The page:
The diver being thus prepared, he raises his body as much as he is able, drawing a full breath, and pressing his nostrils between his thumb and ﬁnger, he slips his hold of the bight of the diving stone double cord, from over the projecting stick, and descends as rapidly as the stone will sink him.
On reaching the bottom, he abandons the stone (which is hauled up by the attendants to be ready to take him down again) clings to the ground, and commences ﬁlling his net: to accomplish this, he will sometimes creep over a space of eight or ten fathoms, and, remain under water a minute; when he wishes to ascend, he checks the cord of the net, which is instantly felt by the attendants, who begin hauling up as fast as they are able; the diver remains with the net until it is so far clear of the bottom as to be in no danger of upsetting: he then pulls himself up by the cord; which his attendants are likewise pulling, and when by these means his body has acquired an impetus upwards, he forsakes the cord, places his hands to his thighs, rapidly ascends to the surface, swims to his diving-stone, and by the time the contents of his net have been emptied into the boat, is ready to go down again. A single diver will take up in a day from one thousand to four thousand oysters.
They seldom remain above a minute underwater: the more common time is from ﬁfty-three to ﬁftyseven seconds; but when requested to remain as long as possible, I have timed them from eighty-four to eighty-seven seconds: they are warned of the time to ascend by a singing noise in the ears, and ﬁnally by a sensation similar to hiccough.
Many divers will not venture down until the shark-charmer is on the bank, and has secured the mouths of the sharks: while some are provided with a written charm from their priests, which they wrap up in oil-cloth perfectly secure from the water, and dive with it on their persons. … This worthy man is paid by the government and is also allowed a perquisite of ten oysters from every boat daily during the ﬁshery.
The hazardous, ritually polluting traditional work of the Paravars such as harvesting pearl oysters and deep sea fishing required courage, resourcefulness, strength and other survival skills. Though they were hardened adventurers, they were also threatened and oppressed by stronger predators coming from inland fortresses or from deep-water fleets manned by Arab and Lebbais (Tamil Muslim Paravars). The latter constantly threatened, raided, pillaged or enslaved the Paravars.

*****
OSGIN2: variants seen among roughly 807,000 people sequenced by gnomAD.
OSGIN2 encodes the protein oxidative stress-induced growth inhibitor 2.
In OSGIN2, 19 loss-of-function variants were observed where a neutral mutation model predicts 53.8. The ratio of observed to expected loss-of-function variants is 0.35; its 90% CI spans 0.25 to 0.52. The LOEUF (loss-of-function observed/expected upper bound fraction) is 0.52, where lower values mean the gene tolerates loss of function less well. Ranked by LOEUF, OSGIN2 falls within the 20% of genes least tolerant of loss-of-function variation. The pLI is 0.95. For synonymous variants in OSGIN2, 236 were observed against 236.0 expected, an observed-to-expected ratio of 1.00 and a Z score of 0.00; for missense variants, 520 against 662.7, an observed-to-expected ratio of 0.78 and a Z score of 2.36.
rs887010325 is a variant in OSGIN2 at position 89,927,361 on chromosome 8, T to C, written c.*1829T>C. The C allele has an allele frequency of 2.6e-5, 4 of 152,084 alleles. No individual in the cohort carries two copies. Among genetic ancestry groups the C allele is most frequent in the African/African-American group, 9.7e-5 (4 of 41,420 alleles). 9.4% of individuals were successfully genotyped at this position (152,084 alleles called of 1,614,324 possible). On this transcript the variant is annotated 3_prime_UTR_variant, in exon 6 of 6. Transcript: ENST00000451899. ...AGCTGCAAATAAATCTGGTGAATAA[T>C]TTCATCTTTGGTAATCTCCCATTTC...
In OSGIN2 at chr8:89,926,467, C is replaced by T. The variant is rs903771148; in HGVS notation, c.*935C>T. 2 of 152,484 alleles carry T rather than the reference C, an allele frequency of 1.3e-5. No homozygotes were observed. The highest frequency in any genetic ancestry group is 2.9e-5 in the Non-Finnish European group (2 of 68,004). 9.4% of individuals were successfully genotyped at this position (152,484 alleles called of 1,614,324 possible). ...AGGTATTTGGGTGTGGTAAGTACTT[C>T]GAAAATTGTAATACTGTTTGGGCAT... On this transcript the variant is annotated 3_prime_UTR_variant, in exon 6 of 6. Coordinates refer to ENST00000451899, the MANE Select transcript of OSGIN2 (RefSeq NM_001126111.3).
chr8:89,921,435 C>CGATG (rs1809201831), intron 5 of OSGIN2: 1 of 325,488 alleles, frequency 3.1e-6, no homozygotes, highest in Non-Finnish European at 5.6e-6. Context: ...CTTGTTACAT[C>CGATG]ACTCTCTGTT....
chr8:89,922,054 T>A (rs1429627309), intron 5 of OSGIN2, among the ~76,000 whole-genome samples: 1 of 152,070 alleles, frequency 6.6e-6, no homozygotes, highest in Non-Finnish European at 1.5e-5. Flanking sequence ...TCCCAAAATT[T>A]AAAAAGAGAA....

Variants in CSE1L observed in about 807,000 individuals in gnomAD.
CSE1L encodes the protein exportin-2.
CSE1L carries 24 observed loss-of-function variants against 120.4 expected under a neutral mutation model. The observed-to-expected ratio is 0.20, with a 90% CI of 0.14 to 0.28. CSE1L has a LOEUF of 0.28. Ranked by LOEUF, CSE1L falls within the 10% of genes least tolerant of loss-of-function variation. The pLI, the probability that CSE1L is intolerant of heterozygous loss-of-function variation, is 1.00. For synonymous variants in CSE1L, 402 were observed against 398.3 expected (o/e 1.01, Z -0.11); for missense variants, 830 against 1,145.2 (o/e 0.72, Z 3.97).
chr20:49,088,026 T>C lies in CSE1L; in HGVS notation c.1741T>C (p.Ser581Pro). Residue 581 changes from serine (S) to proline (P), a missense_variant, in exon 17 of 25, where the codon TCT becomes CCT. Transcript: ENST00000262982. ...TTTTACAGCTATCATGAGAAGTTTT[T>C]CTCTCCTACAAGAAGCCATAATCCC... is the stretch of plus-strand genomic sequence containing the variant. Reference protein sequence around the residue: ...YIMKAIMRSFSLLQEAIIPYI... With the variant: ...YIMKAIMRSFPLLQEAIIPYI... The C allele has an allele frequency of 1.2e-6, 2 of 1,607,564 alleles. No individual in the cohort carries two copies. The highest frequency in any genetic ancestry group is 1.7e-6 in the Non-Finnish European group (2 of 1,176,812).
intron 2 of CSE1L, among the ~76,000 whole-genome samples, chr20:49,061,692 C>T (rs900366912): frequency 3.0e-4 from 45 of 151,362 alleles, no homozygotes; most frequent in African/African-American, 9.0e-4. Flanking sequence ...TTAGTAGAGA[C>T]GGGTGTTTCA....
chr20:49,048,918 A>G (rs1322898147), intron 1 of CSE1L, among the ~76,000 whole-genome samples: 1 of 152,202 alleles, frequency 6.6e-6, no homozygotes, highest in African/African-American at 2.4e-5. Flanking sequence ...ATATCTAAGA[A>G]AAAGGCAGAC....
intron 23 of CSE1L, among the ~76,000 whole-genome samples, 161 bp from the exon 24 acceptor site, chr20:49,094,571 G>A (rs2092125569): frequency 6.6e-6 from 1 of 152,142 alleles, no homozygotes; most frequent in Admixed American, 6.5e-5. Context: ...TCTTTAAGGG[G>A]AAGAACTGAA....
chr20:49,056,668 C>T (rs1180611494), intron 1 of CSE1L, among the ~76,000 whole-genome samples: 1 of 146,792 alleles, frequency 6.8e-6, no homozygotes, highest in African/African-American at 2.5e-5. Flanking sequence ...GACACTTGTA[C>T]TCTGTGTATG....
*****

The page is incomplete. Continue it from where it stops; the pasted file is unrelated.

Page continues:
The claim that the Paravars were warriors under the liege of Pandyan emperors is in a certain way true because the Paravars of the Pear Fishery Coast did have armies to protect the fisheries and their people from the attacking Arabs and the Tamil Muslim Paravars.
- Pearl hunting (en.wikipedia.org)
- Pearl Fishery Coast (en.wikipedia.org)
- Paravar (en.wikipedia.org)
- Twenty Thousand Leagues Under the Sea (en.wikipedia.org)
- இலங்கையில் புழங்கிய முத்துக்குளிப்புச் சொற்கள் (ta.wikipedia.org)
- Islands in the Gulf of Mannar: Part 1 – Adam’s Bridge (tvaraj.com)
- Islands in the Gulf of Mannar: Part 2 – The 21 Islands of India (tvaraj.com)
- Islands in the Gulf of Mannar: Part 3 – Islands and Islets of Sri Lanka (tvaraj.com)
- The Paravars: A Preamble (tvaraj.com)
- The Paravars: Chapter 1 – The Hindu Myths (tvaraj.com)
- The Paravars: Chapter 2 – The Jewish Lore (tvaraj.com)
- The Paravars: Chapter 3 – The Pearl Fishery Coasts in the Gulf of Mannar (tvaraj.com)
- The Paravars: Chapter 4 – The Paravar Caste (tvaraj.com)
- The Paravars: Chapter 5 – The Pre-Muhammadan Period (tvaraj.com)
- The Paravars: Chapter 6 – The Muhammadan Invasion of the Pandya Kingdom (tvaraj.com)
- The Paravars: Chapter 8 – Arrival of the Portuguese in India (tvaraj.com)
- The Paravars: Chapter 9 – Seeking Help from the Portuguese (tvaraj.com)
- The Paravars: Chapter 10 – Conversion to Catholicism (tvaraj.com)
- 20,000 Leagues Under the Sea by Jules Verne
- Account of the Pearl Fisheries of the North-West Coast of the Island of Ceylon by James Steuart Transactions of the Royal Asiatic Society of Great Britain and Ireland Vol. 3